From the Nashville Symphony

Chestnuts and Rarities in the Summer Chamber Music Series

As the Music City slowly reopens after the catastrophe of the last year, the musicians of the Nashville Symphony are beginning to return to the stage in the Lara Turner Concert Hall at the Schermerhorn. Billed as a “Summer Chamber Music Series” the concerts are, apart from being brief, socially distanced and mask required—they’re almost “normal.”

The first concert of the series, given on May 28 & 29th, featured a rather eclectic program. It opened with a selection of pieces by J.S. Bach arranged for Marimba and performed exquisitely by Symphony Percussionist Rich Graber. The was followed by a brief introduction from Concertmaster Jun Iwasaki, who seemed as happy as myself to have returned to the hall. He then performed Massenet’s wonderfully lugubrious “Méditation” from Thaïs accompanied by Licia Jaskunas on harp. This chestnut from the violin repertoire was the perfect choice to inaugurate the transition back to normal in the Music City. Written for the break between scenes of the second act of Thaïs, the meditation depicts the title character’s brief reflection before she decides to change her life. Iwasaki’s performance was spellbinding, especially leading through the central animated section. After the “Méditation” Jaskunas was joined by Robert Marler on piano to perform another meditative piece, Marcel Grandjany’s “Aria in Classic Style.” Jaskunas and Marler displayed a sensitive awareness of each other’s lines, which was especially clear in the later parts of the score as their timbres seems to merge in and out of each other’s sound, blurring distinctions.

Jun Iwasaki

The evening closed with the rarely heard Souvenir de Florence by Pyotr Ilyich Tchaikovsky. Composed in July of 1890 and revised in 1892, the piece is a sextet (two violins, two violas, and two cellos) in a standard four movement form, with the first two movements featuring themes that the composer had preserved from his visit to Florence and the later two movements featuring a more traditionally Russian sound and style. The first movement begins, seemingly in media res, with an abrupt theme that goes through a process of developing variation before it arrives at a cantabile secondary theme which Iwasaki and Jimin Lim gave in sweeping and beautiful phrasing. My favorite, the second movement brought the other instruments into the dialogue, first the cellos (Xiao-Fan Zhang and Keith Nicholas) and then the violas (Daniel Reinker and Anthony Parce). At one point in the movement Tchaikovsky has four of the six instruments playing entirely independent accompanimental lines as the first cello and second violin share the melody. The balance and synergy were so lush and downright symphonic that for a moment I imagined I was hearing our entire orchestra onstage.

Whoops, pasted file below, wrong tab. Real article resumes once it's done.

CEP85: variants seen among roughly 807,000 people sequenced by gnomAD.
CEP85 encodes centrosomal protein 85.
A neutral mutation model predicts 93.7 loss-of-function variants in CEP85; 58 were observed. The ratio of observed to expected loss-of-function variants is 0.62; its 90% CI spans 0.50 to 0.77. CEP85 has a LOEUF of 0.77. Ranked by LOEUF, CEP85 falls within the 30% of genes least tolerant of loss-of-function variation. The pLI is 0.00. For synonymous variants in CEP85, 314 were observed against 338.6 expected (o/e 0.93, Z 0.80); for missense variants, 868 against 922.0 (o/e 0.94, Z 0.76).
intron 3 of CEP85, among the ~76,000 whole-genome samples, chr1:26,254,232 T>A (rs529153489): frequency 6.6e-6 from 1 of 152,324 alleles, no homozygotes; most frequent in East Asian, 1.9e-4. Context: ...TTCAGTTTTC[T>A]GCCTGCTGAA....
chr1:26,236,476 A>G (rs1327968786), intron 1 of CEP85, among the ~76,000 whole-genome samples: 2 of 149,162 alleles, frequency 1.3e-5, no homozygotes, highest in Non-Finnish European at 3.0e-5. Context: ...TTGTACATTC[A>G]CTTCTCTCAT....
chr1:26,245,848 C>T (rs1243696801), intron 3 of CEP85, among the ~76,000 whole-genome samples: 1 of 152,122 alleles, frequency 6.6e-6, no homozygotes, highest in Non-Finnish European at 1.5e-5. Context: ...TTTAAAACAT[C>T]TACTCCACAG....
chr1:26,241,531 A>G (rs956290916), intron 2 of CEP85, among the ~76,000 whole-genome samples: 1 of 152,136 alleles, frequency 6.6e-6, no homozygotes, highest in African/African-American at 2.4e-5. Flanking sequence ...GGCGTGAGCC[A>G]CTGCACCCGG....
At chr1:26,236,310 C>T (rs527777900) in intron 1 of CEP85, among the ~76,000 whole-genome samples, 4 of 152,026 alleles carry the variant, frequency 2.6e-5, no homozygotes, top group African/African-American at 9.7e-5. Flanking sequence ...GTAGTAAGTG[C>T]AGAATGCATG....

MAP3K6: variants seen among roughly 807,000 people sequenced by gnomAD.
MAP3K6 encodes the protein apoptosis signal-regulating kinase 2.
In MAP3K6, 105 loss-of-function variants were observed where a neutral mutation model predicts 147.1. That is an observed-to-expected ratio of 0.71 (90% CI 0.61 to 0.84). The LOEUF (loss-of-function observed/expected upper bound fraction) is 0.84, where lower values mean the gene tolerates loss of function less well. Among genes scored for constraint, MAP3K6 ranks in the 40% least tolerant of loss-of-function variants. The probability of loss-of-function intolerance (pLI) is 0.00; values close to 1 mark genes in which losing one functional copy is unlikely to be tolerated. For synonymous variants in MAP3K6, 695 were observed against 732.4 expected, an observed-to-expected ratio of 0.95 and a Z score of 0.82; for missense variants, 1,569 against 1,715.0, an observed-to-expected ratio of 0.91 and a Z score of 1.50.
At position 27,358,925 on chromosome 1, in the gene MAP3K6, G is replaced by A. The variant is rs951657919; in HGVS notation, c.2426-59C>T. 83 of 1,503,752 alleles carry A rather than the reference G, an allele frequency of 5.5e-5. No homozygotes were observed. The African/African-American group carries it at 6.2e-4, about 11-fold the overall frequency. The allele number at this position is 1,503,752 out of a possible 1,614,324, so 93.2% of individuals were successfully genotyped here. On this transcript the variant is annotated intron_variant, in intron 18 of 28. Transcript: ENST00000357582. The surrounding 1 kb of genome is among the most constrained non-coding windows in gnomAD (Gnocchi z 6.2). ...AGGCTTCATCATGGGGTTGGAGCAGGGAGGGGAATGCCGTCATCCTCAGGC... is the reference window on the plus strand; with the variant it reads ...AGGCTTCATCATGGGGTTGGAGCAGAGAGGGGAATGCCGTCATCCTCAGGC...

Florence Price

On June 4th the program was quite different, assembled of works for the standard quartet but included, in typical Nashville Symphony fashion, important works by American composers. The pieces were the second movement (“Andante Cantabile”) from Florence Price’s Second String Quartet in A Minor, the fourth movement (“Cumbia y Congo”) from William Grant Still’s Danzas de Panama, and in its entirety, Wolfgang Amadeus Mozart’s K. 458 (“The Hunt”).

Best known for her songs and arrangements of spirituals, Price’s Andante carries the synergy of a folk blues sound merged with modernist compositional techniques in a counterpoint that is simultaneously vivid and nostalgic. Lim’s rocking ostinato provided a foundation for Annaliese Kowert’s melodic precision in a lovely interpretation. Still’s “Cumbia y Congo,” which was composed from collected themes from Afro-Latin dances, came across with an idealism and another take on the American sound. From the generous melody to the extended percussive techniques, the piece was magnificent.

William Grant Still

Unfortunately, set against the exciting music of Price and Still, Mozart’s “Hunt” lost some of its magic. It was played very well, especially as the theme was passed around the four performers with the light delicacy demanded by its Viennese style. However, the problem was neither the performance nor the composition, but rather the program. To be exposed to single movements from these American rarities and then to hear the entire work of an old Viennese chestnut left me off balance. That said, it was so nice to be in a hall, listening to classical masterworks again!

There are two more performances in the series, which continues June 19th and June 25-26. All performances will run for approximately one hour without an intermission. Advance registration is required. Due to safety protocols, on-site registration is not available. Registration is free, and donations are very much appreciated. There are only 500 seats available for each performance, and they are distributed on a first come, first served basis. Seats can be reserved at



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